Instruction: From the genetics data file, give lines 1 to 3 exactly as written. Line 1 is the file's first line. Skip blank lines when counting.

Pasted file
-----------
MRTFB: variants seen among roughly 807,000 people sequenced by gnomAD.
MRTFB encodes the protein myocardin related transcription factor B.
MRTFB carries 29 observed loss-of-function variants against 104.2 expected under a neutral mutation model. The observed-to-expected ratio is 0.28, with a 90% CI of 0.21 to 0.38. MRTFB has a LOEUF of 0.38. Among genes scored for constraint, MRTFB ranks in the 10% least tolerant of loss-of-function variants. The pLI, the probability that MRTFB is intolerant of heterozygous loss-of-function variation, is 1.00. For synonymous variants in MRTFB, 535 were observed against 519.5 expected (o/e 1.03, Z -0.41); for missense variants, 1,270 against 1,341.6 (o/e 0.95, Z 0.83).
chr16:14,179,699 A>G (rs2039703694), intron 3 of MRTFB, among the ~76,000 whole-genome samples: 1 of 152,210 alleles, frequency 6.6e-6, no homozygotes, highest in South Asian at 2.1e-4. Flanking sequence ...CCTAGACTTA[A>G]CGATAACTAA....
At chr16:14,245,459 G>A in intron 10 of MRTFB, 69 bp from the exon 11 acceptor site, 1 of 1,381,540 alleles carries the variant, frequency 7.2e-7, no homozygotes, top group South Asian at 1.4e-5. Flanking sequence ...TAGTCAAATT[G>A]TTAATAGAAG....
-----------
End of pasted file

MRTFB: variants seen among roughly 807,000 people sequenced by gnomAD.
MRTFB encodes the protein myocardin related transcription factor B.
MRTFB carries 29 observed loss-of-function variants against 104.2 expected under a neutral mutation model. The observed-to-expected ratio is 0.28, with a 90% CI of 0.21 to 0.38. MRTFB has a LOEUF of 0.38. Among genes scored for constraint, MRTFB ranks in the 10% least tolerant of loss-of-function variants. The pLI, the probability that MRTFB is intolerant of heterozygous loss-of-function variation, is 1.00. For synonymous variants in MRTFB, 535 were observed against 519.5 expected (o/e 1.03, Z -0.41); for missense variants, 1,270 against 1,341.6 (o/e 0.95, Z 0.83).